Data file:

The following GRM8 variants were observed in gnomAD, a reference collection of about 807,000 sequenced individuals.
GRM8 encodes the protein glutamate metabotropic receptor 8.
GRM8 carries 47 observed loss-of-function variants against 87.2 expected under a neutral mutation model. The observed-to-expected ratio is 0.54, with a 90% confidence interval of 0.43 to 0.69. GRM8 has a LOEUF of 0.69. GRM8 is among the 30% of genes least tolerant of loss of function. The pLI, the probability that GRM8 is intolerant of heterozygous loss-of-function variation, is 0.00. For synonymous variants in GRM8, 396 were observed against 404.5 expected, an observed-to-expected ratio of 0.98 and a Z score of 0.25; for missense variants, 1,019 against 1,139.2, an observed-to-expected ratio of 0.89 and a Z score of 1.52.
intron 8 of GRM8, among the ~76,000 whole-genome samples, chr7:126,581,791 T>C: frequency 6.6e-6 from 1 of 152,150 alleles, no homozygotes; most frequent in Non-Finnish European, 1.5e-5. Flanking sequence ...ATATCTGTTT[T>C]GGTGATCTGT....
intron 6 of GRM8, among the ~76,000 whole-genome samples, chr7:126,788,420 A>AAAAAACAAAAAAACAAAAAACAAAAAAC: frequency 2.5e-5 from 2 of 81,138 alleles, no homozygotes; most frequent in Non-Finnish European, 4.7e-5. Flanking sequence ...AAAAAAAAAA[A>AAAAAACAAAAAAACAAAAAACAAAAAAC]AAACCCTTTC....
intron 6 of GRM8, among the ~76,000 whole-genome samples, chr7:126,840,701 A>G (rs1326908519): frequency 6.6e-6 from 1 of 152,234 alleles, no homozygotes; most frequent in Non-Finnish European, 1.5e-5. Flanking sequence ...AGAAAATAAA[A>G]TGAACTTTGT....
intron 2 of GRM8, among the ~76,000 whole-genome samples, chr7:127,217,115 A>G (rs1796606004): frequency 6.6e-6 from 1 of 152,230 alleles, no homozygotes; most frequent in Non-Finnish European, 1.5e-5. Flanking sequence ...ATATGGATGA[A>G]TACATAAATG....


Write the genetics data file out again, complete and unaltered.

The following GRM8 variants were observed in gnomAD, a reference collection of about 807,000 sequenced individuals.
GRM8 encodes the protein glutamate metabotropic receptor 8.
GRM8 carries 47 observed loss-of-function variants against 87.2 expected under a neutral mutation model. The observed-to-expected ratio is 0.54, with a 90% confidence interval of 0.43 to 0.69. GRM8 has a LOEUF of 0.69. GRM8 is among the 30% of genes least tolerant of loss of function. The pLI, the probability that GRM8 is intolerant of heterozygous loss-of-function variation, is 0.00. For synonymous variants in GRM8, 396 were observed against 404.5 expected, an observed-to-expected ratio of 0.98 and a Z score of 0.25; for missense variants, 1,019 against 1,139.2, an observed-to-expected ratio of 0.89 and a Z score of 1.52.
intron 8 of GRM8, among the ~76,000 whole-genome samples, chr7:126,581,791 T>C: frequency 6.6e-6 from 1 of 152,150 alleles, no homozygotes; most frequent in Non-Finnish European, 1.5e-5. Flanking sequence ...ATATCTGTTT[T>C]GGTGATCTGT....
intron 6 of GRM8, among the ~76,000 whole-genome samples, chr7:126,788,420 A>AAAAAACAAAAAAACAAAAAACAAAAAAC: frequency 2.5e-5 from 2 of 81,138 alleles, no homozygotes; most frequent in Non-Finnish European, 4.7e-5. Flanking sequence ...AAAAAAAAAA[A>AAAAAACAAAAAAACAAAAAACAAAAAAC]AAACCCTTTC....
intron 6 of GRM8, among the ~76,000 whole-genome samples, chr7:126,840,701 A>G (rs1326908519): frequency 6.6e-6 from 1 of 152,234 alleles, no homozygotes; most frequent in Non-Finnish European, 1.5e-5. Flanking sequence ...AGAAAATAAA[A>G]TGAACTTTGT....
intron 2 of GRM8, among the ~76,000 whole-genome samples, chr7:127,217,115 A>G (rs1796606004): frequency 6.6e-6 from 1 of 152,230 alleles, no homozygotes; most frequent in Non-Finnish European, 1.5e-5. Flanking sequence ...ATATGGATGA[A>G]TACATAAATG....